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The Guardian

Quebec woman pleads guilty to mailing poisonous ricin to Donald Trump

By Maya Yang,

Pascale Ferrier Photograph: AP

A dual citizen of France and Canada has pleaded guilty to mailing ricin to Donald Trump.

Pascale Ferrier, 55, admitted to making the poison at her residence in Quebec in September 2020, the US Department of Justice announced .

Ferrier placed the ricin in envelopes that included letters addressed to Trump at the White House and to eight Texas law enforcement officials associated with detention facilities where Ferrier had been held.

Ricin, a deadly poison, can be made from waste material produced in the processing of castor beans. It can be produced as a powder, mist or liquid, or in pellet form.

Related: ‘These are conditions ripe for political violence’: how close is the US to civil war?

In each letter, Ferrier wrote that she included a “special gift”, adding that if it “doesn’t work, I will find a better recipe for another poison”. She also wrote: “or I might use my gun when I will be able to come” and concluded: “Enjoy.”

According to court documents , the letter to Trump also stated: “You ruin USA and lead them to disaster. I have US cousins, then I don’t want the next four years with you as president. Give up and remove your application for this election.”

The nine envelopes were intercepted in Texas and Washington DC. The Secret Service informed the FBI about the letter to Trump.

“Special weapons of mass destruction coordinators and hazardous material experts were required to deploy to various locations where the letters were received, due to the presence of the ricin toxin powder in the envelopes,” court documents said.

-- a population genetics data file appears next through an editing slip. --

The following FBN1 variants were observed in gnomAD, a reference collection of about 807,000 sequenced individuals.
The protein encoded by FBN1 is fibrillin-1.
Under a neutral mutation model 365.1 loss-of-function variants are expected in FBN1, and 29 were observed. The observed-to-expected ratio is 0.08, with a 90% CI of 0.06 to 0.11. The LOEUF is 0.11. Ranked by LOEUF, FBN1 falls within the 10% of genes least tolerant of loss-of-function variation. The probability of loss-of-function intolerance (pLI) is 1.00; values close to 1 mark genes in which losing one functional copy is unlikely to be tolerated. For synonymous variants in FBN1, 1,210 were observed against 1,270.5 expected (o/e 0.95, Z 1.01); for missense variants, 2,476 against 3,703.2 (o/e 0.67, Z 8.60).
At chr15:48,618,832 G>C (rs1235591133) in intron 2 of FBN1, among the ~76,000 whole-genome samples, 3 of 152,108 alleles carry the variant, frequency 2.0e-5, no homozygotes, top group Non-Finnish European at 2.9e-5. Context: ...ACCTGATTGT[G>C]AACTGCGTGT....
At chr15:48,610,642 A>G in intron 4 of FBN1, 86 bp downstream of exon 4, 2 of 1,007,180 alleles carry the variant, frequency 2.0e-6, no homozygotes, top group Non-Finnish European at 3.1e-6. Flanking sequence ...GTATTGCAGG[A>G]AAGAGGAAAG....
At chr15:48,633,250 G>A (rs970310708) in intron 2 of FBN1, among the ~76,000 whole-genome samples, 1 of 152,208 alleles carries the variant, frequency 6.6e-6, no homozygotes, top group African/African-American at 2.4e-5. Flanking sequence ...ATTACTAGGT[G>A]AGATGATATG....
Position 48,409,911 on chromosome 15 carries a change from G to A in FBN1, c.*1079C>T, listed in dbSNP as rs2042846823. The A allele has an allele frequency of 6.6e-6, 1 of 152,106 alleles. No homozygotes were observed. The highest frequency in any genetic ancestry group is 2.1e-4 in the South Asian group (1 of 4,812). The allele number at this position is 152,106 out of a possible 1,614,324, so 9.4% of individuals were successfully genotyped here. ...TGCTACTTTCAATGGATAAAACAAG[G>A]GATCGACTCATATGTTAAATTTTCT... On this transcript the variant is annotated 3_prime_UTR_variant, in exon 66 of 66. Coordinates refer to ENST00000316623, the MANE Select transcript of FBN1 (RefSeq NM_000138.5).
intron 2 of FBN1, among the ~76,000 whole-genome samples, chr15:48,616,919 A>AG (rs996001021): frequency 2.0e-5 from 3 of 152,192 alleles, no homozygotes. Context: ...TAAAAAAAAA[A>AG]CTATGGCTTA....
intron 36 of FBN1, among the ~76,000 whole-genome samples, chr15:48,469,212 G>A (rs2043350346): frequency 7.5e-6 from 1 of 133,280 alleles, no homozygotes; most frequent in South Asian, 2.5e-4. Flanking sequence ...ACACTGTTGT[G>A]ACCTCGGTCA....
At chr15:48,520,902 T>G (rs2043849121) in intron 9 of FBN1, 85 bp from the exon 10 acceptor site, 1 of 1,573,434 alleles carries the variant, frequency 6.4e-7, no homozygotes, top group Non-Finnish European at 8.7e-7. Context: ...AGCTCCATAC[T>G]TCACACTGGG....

The letters were sent to a facility in Maryland for further testing.

Shortly after the letters were intercepted, Ferrier drove to a border crossing in Buffalo, New York, where she was arrested. According to court documents, asked by border officials if she was OK, Ferrier said she was wanted by the FBI over the ricin letters.

Authorities found in her car a loaded firearm, hundreds of rounds of ammunition, two knives, a stun gun, pepper spray, a truncheon and a false ID document.

Ferrier pleaded guilty to violating federal prohibitions with respect to biological weapons. As part of a plea deal, she is expected to serve 262 months in prison. A sentencing hearing is scheduled for 26 April.

The case comes amid a concerning rise in political violence towards lawmakers which experts warn endangers the health of US democracy.

“There is no place for political violence in our country, and no excuse for threatening public officials or endangering our public servants,” the US attorney for the District of Columbia, Matthew M Graves, said in a statement.

“We hope this resolution will serve as a warning that using our mail system to send a toxic substance and other threats of this type will cost you your freedom for many years.”

Last November Joe Biden urged Americans to take a stand against political violence.

“We are facing a defining moment,” the president said. “We must with one overwhelming, unified voice speak, as a country, and say there’s no place for voter intimidation or political violence in America.”

  • This article was amended on 27 January 2023. An earlier version said that Pascale Ferrier was French-Canadian. This has been clarified; Ferrier is a dual citizen of France and Canada.

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